Receving an array as parameter

Discussion in 'C Programming' started by metz, Apr 26, 2005.

  1. metz

    metz Guest

    Hello,

    I would want to pass a string array as a receive parameter of a function.
    The function must fill the array with a given number of strings.
    Something like that :

    foo(*sArray[], nNbValues)

    And I should get : sArray[0] = "foo0", sArray[1] = "foo1", sArray[2] =
    "foo2", ... sArray[nNbValues-1] = "foon"...

    Is it possible or must I use a structure ?

    Thanks in advance.
    metz, Apr 26, 2005
    #1
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  2. metz

    Eric Sosman Guest

    metz wrote:
    > Hello,
    >
    > I would want to pass a string array as a receive parameter of a function.
    > The function must fill the array with a given number of strings.
    > Something like that :
    >
    > foo(*sArray[], nNbValues)
    >
    > And I should get : sArray[0] = "foo0", sArray[1] = "foo1", sArray[2] =
    > "foo2", ... sArray[nNbValues-1] = "foon"...
    >
    > Is it possible or must I use a structure ?


    void foo(char *sptr[], int nNbValues) {
    char buff[50]; /* there are safer ways to write "50" */
    while (--nNbValues >= 0) {
    sprintf (buff, "foo%d", nNbValues);
    sptr[nNbValues] = malloc(strlen(buff) + 1);
    if (sptr[nNbValues] == NULL)
    die_horribly();
    strcpy (sptr[nNbValues], buff);
    }
    }

    If any of this is the slightest bit confusing, I'd suggest
    reading Section 6 of the comp.lang.c Frequently Asked
    Questions (FAQ) list

    http://www.eskimo.com/~scs/C-faq/top.html

    --
    Eric Sosman, Apr 26, 2005
    #2
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  3. metz

    Mike Wahler Guest

    "metz" <metz@mtzcom> wrote in message
    news:426e941b$0$6622$...
    > Hello,
    >
    > I would want to pass a string array as a receive parameter of a function.
    > The function must fill the array with a given number of strings.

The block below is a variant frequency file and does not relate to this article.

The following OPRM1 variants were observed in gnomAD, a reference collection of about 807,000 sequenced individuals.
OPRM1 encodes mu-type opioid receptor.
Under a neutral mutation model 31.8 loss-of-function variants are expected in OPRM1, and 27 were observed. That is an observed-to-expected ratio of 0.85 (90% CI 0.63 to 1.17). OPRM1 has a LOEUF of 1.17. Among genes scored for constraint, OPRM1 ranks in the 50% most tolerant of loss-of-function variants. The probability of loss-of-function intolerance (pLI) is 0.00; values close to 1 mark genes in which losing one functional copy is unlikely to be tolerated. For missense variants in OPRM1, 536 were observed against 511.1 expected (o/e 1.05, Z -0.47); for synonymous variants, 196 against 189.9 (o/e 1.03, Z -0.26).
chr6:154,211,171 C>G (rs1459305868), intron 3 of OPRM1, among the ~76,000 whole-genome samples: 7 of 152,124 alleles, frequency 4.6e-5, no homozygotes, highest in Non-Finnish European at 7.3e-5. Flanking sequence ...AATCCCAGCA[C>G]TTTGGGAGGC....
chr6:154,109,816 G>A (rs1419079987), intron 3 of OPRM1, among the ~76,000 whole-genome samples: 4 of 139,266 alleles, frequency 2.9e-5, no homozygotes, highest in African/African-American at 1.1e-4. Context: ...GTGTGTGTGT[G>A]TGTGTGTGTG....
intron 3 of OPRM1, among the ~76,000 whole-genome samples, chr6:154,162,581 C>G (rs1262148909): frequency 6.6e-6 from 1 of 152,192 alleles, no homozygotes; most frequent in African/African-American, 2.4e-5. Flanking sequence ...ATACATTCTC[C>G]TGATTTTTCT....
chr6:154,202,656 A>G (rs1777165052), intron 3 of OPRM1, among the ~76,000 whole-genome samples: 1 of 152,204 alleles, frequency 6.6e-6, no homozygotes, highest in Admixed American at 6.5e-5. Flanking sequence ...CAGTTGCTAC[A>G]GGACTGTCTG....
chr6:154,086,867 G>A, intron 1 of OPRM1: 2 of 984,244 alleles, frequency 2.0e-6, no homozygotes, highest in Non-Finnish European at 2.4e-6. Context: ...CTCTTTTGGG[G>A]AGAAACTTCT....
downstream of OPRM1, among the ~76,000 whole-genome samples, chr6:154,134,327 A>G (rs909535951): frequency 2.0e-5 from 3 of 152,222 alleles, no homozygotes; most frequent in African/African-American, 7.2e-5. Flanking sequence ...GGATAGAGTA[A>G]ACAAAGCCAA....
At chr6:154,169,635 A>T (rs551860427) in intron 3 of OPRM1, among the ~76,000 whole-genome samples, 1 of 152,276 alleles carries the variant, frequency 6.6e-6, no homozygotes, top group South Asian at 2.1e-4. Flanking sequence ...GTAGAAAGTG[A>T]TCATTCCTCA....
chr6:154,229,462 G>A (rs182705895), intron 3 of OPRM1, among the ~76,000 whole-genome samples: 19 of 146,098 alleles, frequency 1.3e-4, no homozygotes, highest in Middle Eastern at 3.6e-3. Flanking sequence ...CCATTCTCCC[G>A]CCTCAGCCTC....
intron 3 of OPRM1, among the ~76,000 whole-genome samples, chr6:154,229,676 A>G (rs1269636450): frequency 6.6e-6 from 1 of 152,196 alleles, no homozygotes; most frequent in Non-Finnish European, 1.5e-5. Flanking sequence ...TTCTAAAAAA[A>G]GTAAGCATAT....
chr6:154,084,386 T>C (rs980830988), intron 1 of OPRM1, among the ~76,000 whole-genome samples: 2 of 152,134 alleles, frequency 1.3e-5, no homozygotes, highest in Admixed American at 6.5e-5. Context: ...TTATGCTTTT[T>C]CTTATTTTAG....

> Something like that :
    >
    > foo(*sArray[], nNbValues)
    >
    > And I should get : sArray[0] = "foo0", sArray[1] = "foo1", sArray[2] =
    > "foo2", ... sArray[nNbValues-1] = "foon"...
    >
    > Is it possible


    Certainly.

    > or must I use a structure ?


    No need.

    Just make sure that the pointers in your array point to
    sufficient memory to store your strings, or only assign
    the addresses of string literals to them.

    void foo(char *array[], size_t count)
    {
    if(count >= 3)
    {
    array[0] = "Tom";
    array[1] = "Dick";
    array[2] = "Harry";
    }
    }

    int main()
    {
    char *arr[] = {0,0,0};
    foo(arr, sizeof arr / sizeof *arr);
    return 0;
    }

    -Mike
    Mike Wahler, Apr 26, 2005
    #3
  4. Mike Wahler wrote:

    > void foo(char *array[], size_t count)
    > {
    > if(count >= 3)
    > {
    > array[0] = "Tom";
    > array[1] = "Dick";
    > array[2] = "Harry";
    > }
    > }
    >
    > int main()
    > {
    > char *arr[] = {0,0,0};
    > foo(arr, sizeof arr / sizeof *arr);
    > return 0;
    > }


    > cat main.c

    #include <stdio.h>
    #include <stdlib.h>

    const char** foo(const char *array[], const size_t count) {
    if (0 < count) {
    array[0] = "Tom";
    if (1 < count) {
    array[1] = "Dick";
    if (2 < count) {
    array[2] = "Harry";
    }
    }
    }
    return array;
    }

    int main(int argc, char* argv[]) {
    const
    char* arr[] = {0, 0, 0};
    const
    size_t names = sizeof(arr)/sizeof(*arr);
    foo(arr, names);
    fprintf(stdout, "names = %u\n", names);
    for (size_t name = 0; name < names; ++name)
    fprintf(stdout, "arr[%u] = %s\n", name, arr[name]);
    return 0;
    }

    > gcc -Wall -std=c99 -pedantic -o main main.c
    > ./main

    names = 3
    arr[0] = Tom
    arr[1] = Dick
    arr[2] = Harry
    E. Robert Tisdale, Apr 26, 2005
    #4
  5. metz

    metz Guest

    "Eric Sosman" <> wrote in message
    news:d4m4tu$nk0$...


    > sptr[nNbValues] = malloc(strlen(buff) + 1);


    Thanks to all.
    If fact the problem was that my strings in the function are receive
    parameters of specific functions.
    Then I couldn't use "array[0] = "xxx";
    It works now with malloc() then strcpy()
    (I just did't understand why this is not important to use malloc() without
    free().. but I read 7.24 section that says the OS should do it....)

    Thnaks again...
    metz, Apr 27, 2005
    #5
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